“Findings also suggest that consumers would benefit from further reductions in seasonal production cycles. However, consumers receive larger benefits from making off-season berries available (having some berries rather than none) than from increasing supplies to the extent that off-season prices fall to in-season levels.”

The report says that the factor driving these consumer benefits is prices falling over the winter months—the difference between choke prices and market prices in the weeks in which Chile exports fruit. “On average, these declines range from 49% (blackberries) to 69% (strawberries).” (Chile exports strawberries, raspberries, blackberries, and blueberries during fall and winter. Mexico has also become a major supplier of berry crops to the US during winter but the study used Chile’s export season as a benchmark.)

The report says consumers would reap ever bigger ‘welfare’ gains should winter prices fall the level of spring ones, “which might occur if other countries began supplying the U.S. market or if there are advances in technology (either through improvements in domestic storage or shipping).”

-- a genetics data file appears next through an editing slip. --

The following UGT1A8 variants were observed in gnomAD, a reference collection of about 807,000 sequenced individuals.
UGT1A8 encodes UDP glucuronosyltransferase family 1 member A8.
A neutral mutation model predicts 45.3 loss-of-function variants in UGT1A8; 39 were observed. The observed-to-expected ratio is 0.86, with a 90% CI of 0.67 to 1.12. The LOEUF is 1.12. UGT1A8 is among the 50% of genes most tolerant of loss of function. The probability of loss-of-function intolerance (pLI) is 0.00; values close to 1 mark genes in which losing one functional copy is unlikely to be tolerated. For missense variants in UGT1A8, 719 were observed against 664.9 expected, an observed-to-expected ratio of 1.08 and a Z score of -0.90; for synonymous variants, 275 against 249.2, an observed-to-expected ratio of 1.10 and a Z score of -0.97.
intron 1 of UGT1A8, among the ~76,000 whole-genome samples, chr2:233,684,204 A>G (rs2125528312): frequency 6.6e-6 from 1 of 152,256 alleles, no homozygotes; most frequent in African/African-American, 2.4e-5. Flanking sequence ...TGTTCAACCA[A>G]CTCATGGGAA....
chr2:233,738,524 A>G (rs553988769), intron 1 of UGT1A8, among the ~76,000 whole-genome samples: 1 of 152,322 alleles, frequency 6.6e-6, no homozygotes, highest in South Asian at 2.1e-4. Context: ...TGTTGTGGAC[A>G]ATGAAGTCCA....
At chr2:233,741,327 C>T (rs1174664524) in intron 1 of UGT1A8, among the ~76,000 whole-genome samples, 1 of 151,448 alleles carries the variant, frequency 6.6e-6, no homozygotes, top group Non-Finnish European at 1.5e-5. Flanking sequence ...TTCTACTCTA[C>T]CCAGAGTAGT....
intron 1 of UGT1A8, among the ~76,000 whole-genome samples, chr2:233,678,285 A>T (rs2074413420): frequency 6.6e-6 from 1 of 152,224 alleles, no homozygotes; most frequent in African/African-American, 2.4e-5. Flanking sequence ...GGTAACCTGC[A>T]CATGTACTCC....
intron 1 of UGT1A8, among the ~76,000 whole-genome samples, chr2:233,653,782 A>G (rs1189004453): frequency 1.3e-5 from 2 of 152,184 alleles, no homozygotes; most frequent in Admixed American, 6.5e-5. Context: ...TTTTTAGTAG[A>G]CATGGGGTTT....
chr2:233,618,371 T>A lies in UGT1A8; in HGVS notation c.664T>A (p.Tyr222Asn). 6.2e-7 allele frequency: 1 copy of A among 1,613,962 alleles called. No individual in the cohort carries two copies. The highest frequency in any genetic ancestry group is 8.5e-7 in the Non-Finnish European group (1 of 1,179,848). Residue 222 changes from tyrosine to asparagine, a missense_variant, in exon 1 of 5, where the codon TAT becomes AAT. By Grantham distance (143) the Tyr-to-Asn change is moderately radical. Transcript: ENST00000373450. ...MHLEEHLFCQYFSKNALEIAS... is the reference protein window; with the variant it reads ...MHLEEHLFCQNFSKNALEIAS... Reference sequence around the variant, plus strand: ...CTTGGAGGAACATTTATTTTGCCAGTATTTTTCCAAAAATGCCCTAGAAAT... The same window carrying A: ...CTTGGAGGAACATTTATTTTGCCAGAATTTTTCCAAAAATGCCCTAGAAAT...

Off-season berry purchases in the US are still small relative to in-season domestic production, indicating the potential for off-season supply has only been partially tapped. “Further advances in plant breeding or storage technology might make off-season supply quantitatively similar to in-season supply. Additionally, technological changes might reduce the cost of interhemispheric shipping, eliminating seasonality in the quantity of produce available.” the report also says.

Other interesting information in the report includes:

  • Per capita availability of fresh fruit is increasing in the US, rising from 106.50 pounds in 1980 to 131.04 pounds in 2012.
  • The berry share of fresh fruit availability increased 3.75 times (to 9.50 pounds by 2012).
  • Until the early 2000s, berries were unavailable to most U.S. consumers outside of their short domestic production seasons.
  • In 2012, fresh berries (strawberries, blueberries, raspberries, and blackberries) accounted for 16% of the retail spend on fresh fruit.
  • Highest monthly shipment numbers occur in June for blackberries, blueberries, and raspberries.
  • Shipments of strawberries are highest in May each year.
  • Retail strawberry prices in late December have been twice that of prices in May in recent years.